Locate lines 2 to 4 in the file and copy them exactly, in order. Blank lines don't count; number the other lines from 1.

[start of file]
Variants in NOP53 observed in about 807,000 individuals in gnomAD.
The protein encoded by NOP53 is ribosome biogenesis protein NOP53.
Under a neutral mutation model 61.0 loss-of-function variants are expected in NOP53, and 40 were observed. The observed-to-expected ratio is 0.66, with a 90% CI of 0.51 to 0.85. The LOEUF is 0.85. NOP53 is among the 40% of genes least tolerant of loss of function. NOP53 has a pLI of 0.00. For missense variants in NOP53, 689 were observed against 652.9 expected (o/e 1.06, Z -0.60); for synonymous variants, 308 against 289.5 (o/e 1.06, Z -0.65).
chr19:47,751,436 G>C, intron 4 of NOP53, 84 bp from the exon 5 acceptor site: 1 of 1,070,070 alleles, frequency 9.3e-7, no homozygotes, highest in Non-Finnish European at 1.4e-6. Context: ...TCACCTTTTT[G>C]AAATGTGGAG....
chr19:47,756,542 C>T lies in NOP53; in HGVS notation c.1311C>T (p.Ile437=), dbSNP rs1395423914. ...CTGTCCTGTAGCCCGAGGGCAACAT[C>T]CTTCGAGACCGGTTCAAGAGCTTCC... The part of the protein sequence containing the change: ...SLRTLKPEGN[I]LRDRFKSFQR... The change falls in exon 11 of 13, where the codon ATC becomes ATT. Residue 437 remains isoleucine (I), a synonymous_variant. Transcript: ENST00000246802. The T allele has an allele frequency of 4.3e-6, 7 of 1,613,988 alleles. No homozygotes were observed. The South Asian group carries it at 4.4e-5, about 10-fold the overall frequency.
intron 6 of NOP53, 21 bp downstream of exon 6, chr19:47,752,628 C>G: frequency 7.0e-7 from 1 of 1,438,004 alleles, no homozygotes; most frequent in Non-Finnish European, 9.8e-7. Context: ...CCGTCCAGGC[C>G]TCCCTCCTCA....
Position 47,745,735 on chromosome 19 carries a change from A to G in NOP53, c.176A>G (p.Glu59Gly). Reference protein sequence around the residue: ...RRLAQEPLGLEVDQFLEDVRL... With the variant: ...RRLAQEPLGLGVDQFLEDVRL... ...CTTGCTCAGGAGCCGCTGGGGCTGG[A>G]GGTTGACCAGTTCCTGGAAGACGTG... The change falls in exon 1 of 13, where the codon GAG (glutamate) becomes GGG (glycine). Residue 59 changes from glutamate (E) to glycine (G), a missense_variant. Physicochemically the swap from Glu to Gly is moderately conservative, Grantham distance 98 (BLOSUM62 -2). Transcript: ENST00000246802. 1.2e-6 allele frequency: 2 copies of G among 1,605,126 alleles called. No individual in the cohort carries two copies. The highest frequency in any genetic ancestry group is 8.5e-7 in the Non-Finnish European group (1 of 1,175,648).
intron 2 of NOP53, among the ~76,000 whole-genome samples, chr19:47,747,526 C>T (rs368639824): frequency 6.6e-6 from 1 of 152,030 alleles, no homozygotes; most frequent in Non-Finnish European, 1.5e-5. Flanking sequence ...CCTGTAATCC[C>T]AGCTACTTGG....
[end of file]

The protein encoded by NOP53 is ribosome biogenesis protein NOP53.
Under a neutral mutation model 61.0 loss-of-function variants are expected in NOP53, and 40 were observed. The observed-to-expected ratio is 0.66, with a 90% CI of 0.51 to 0.85. The LOEUF is 0.85. NOP53 is among the 40% of genes least tolerant of loss of function. NOP53 has a pLI of 0.00. For missense variants in NOP53, 689 were observed against 652.9 expected (o/e 1.06, Z -0.60); for synonymous variants, 308 against 289.5 (o/e 1.06, Z -0.65).
chr19:47,751,436 G>C, intron 4 of NOP53, 84 bp from the exon 5 acceptor site: 1 of 1,070,070 alleles, frequency 9.3e-7, no homozygotes, highest in Non-Finnish European at 1.4e-6. Context: ...TCACCTTTTT[G>C]AAATGTGGAG....